Attorney General Tong Defends Right of Transgender Americans to Have IDs That Match Their Gender Identity(Hartford, CT) – Attorney General William Tong today joined a coalition of 15 attorneys general, led by California, in an amicus brief in Corbitt v. Taylor in defense of the right of transgender Alabamians to obtain driver’s licenses that correspond with their gender identity. Under Alabama’s Policy Order 63, transgender Alabamians are unable to access driver’s licenses that accurately reflect the gender and sex with which they identify unless they have undergone “gender reassignment surgery.” In the friend-of-the-court brief filed before the U.S. Court of Appeals for the Eleventh Circuit, the coalition blasts the patently unconstitutional policy and urges the appellate court to uphold the district court’s ruling finding that the policy was an impermissible form of sex discrimination.
“Discrimination on the basis of gender identity and expression is wrong and barring transgender people from having driver’s licenses consistent with their gender identity causes unnecessary stigma, isolation and harm,” Attorney General Tong said. “This Alabama policy is unconstitutional and flies in the face of common sense and modern practices.”
Although gender-affirming surgery is an important form of healthcare, many transgender Americans do not want or need it — and some cannot afford it. No matter an individual’s reasons, they are still entitled to have a license that can be safely used without putting at risk their dignity and safety. The Alabama Law Enforcement Agency’s policy prevents transgender Alabamians from having that chance. In fact, the policy is an extreme outlier among states and is unsupported by any legitimate governmental interest. Critically, it violates the Equal Protection Clause of the U.S. Constitution. The amici states have a profound interest in protecting all Americans against unconstitutional discrimination in any form — in particular, to help reverse and remedy the stigma and discrimination that transgender Americans have experienced for decades.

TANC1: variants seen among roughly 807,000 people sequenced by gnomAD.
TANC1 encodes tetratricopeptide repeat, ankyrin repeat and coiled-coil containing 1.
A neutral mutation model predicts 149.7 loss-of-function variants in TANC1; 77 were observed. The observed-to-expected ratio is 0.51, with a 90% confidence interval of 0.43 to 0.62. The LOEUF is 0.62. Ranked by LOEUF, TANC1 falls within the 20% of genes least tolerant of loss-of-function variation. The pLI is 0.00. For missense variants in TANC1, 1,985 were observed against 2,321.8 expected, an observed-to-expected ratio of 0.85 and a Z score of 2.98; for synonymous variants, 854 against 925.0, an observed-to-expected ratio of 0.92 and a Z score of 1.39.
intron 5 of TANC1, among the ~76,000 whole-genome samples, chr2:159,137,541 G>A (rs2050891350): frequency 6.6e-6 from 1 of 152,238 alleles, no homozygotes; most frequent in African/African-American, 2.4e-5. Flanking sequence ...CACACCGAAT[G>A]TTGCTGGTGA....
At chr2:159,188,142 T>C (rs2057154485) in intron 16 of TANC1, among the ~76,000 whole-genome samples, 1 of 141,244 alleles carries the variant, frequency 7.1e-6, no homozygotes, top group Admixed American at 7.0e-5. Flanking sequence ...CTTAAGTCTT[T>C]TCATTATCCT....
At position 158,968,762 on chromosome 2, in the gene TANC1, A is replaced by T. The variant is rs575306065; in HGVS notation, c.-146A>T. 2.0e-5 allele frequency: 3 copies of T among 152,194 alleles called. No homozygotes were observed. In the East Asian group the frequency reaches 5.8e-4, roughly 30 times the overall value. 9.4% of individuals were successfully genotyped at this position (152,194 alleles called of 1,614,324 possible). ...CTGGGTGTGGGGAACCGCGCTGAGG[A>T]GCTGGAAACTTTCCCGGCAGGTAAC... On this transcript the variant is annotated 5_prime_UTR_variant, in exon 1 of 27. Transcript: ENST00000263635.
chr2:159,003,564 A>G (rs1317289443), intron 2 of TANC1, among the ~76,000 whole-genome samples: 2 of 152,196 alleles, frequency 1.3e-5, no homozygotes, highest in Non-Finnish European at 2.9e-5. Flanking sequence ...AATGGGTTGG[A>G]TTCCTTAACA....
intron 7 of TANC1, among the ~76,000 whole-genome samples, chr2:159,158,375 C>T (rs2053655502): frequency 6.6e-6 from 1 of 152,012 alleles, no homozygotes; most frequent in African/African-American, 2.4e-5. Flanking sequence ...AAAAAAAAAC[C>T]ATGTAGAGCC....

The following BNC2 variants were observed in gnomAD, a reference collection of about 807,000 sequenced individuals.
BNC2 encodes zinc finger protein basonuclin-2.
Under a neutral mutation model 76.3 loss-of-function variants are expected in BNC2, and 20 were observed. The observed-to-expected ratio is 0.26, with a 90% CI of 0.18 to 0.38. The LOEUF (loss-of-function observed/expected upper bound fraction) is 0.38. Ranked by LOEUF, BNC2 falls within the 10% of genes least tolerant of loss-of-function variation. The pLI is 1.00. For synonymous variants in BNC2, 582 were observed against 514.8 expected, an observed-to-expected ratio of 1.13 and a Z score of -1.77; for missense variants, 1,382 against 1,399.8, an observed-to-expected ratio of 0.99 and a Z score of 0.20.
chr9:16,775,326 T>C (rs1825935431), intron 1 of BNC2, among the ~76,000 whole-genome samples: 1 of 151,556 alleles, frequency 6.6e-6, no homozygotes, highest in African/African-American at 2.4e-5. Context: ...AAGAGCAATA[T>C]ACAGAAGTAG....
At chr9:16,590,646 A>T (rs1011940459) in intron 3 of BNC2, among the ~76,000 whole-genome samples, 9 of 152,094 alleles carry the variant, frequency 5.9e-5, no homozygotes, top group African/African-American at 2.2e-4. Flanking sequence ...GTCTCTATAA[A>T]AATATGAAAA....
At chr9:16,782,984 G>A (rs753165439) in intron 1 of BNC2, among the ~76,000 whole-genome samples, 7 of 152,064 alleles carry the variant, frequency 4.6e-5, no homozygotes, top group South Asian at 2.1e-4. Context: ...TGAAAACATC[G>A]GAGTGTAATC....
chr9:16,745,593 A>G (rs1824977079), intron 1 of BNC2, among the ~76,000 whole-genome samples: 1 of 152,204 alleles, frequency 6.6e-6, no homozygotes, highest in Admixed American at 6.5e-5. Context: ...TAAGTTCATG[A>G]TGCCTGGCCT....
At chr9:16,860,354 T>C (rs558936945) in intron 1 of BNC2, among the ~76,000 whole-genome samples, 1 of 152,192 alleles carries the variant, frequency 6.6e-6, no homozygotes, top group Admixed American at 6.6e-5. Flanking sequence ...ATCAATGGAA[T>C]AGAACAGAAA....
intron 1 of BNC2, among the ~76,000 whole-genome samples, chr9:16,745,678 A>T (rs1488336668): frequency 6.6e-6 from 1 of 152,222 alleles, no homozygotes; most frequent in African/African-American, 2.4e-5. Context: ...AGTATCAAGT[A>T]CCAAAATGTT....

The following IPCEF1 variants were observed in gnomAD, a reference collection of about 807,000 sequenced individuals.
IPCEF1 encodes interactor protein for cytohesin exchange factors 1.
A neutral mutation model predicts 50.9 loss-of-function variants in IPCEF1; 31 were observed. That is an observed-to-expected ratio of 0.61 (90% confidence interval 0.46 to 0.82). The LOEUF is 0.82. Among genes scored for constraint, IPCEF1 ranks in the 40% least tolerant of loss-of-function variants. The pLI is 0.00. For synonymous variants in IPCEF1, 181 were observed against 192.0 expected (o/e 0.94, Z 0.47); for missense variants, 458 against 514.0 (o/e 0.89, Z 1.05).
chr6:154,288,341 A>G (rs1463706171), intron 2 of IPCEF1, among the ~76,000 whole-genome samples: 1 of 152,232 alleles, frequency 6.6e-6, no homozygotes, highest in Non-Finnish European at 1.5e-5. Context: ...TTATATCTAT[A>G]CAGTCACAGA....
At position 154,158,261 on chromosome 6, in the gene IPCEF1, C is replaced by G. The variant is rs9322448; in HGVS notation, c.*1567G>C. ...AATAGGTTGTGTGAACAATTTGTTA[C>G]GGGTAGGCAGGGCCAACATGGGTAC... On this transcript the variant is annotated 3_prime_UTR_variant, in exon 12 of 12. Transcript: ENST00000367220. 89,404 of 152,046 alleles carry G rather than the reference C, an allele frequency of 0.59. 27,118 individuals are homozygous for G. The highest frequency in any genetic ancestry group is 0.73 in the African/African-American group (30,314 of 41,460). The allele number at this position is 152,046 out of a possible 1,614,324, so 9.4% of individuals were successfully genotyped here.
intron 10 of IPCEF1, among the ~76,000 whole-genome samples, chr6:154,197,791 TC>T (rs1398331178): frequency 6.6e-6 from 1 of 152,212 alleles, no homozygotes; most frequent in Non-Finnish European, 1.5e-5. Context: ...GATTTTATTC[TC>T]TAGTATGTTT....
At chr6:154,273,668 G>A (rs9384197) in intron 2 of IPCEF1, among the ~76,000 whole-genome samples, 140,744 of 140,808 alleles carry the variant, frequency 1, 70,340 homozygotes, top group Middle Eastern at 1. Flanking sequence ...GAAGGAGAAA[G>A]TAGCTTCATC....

Moreover, many states across the country — including Connecticut — have successfully adopted policies contrary to Alabama’s, issuing driver’s licenses and state identification cards with updated sex designations without requiring applicants to undergo surgery. These policies help reduce discrimination and, in some instances, even violence. Used routinely when applying for jobs, patronizing restaurants and bars, and applying for housing and bank accounts, identification cards and driver’s licenses can have a direct impact on the mental and physical wellbeing of transgender Americans in their daily interactions with society. According to a recent Gallup poll, approximately 0.6% of all U.S. adults — or roughly 1.9 million Americans — identify as transgender.
In the amicus brief, the coalition of attorneys general asserts:
• Alabama’s Policy Order 63 fails scrutiny under any constitutional standard;
• The express surgery requirement is rare and out of step with modern practices;
• Driver’s licenses that reflect a transgender person’s gender identity serve state interests in lowering hate violence; and
• Alabama’s asserted interests are unsupported and contrary to federal law.
In filing the amicus brief, Attorney General Tong joins the attorneys general of California, Hawaii, Maine, Massachusetts, Minnesota, Nevada, New Jersey, New Mexico, New York, Oregon, Rhode Island, Vermont, Washington and the District of Columbia.
A copy of the amicus brief is available here.